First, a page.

Considerations in the use of interpreters often revolve around patient satisfaction and quality of care. The Institute of Medicine report released in April 2002 showed that health disparities exist in Hispanic populations. Patients state that they believe their quality of care is better when it is delivered by a person of their own culture or by someone who understands their culture. Timmins' systematic review (5) of the biomedical journals from 1990 to 2000 looked at language barriers in health care for Hispanic patients in three areas: access to health care, quality of care, and health status/health outcomes. Six of seven studies found significant detrimental effects of language barriers on quality of care, including misdiagnosis, prescribing inappropriate medications, lack of patient information leading to poor compliance, lack of follow-up, and a decrease in preventive services. It benefits us all to be culturally sensitive and culturally competent, and to provide cultural and linguistically appropriate care, because the result will be better health outcomes and healthier patients.
There also is a legal obligation to provide cultural and linguistically appropriate care. The laws are well intentioned, but they are not as effective as anticipated because many do not have an enforcement arm and are unfunded mandates. Relevant laws include the following:
Title VI of the Civil Rights Act of 1964. This act, administered through the Office for Civil Rights of the Department of Health and Human Services, is the basis for legal obligations to provide language access accommodations for persons who are limited in English language proficiency when they access health care. This law applies to any health care provider who receives federal funds and includes physicians who treat Medicaid or Medicare patients, as well as hospitals that receive federal funds.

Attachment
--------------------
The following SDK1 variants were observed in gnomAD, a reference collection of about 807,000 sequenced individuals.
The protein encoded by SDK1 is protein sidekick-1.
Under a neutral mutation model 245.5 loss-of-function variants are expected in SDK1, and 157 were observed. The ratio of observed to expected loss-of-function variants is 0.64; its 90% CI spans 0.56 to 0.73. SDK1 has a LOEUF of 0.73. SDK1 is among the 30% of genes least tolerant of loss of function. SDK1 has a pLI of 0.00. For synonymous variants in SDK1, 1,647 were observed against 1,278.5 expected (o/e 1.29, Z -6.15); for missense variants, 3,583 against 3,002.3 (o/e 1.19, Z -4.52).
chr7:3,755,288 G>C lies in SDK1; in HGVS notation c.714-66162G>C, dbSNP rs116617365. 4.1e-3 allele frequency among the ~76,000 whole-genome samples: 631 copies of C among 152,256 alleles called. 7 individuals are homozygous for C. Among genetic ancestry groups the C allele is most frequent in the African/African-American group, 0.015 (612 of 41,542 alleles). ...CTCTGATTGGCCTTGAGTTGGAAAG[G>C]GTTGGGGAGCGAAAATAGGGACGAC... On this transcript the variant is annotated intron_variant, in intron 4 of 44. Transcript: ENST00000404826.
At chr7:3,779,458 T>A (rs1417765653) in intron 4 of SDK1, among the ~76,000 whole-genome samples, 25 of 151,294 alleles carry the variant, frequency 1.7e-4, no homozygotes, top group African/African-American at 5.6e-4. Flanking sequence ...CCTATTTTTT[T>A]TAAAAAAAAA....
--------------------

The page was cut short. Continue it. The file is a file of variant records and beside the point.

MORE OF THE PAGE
Title VI guarantees freedom from discrimination. The Office of Minority Health released a set of standards for culturally and linguistically appropriate services. Guidelines state that any agency receiving funds from the federal government should not deny a person who does not understand English a culturally competent translator.
Medicaid Law and Related Regulations. Several Medicaid provisions require Medicaid agencies and providers to eliminate language barriers. In several states, managed Medicaid health plans have expanded the availability of linguistically appropriate health care services. These contracts frequently require that plans enrolling Medicaid recipients provide appropriate interpreting and translation services to non-English-speaking enrollees.
The Hill-Burton Act. This act requires hospitals to address the needs of non-English-speaking patients.
Tort Liability. Providers performing medical procedures must communicate with their patients and obtain informed consent and all that it implies.
Cost definitely is an issue. Trained interpreters and telephone interpreting are expensive, and third parties do not pay for these services. Better options for reimbursement or easier access to resources must be available before we can expect a wider acceptance of the option/need of translators and linguistic competency. Surely, however, the best interests of patients are served by providing cultural and linguistically appropriate care.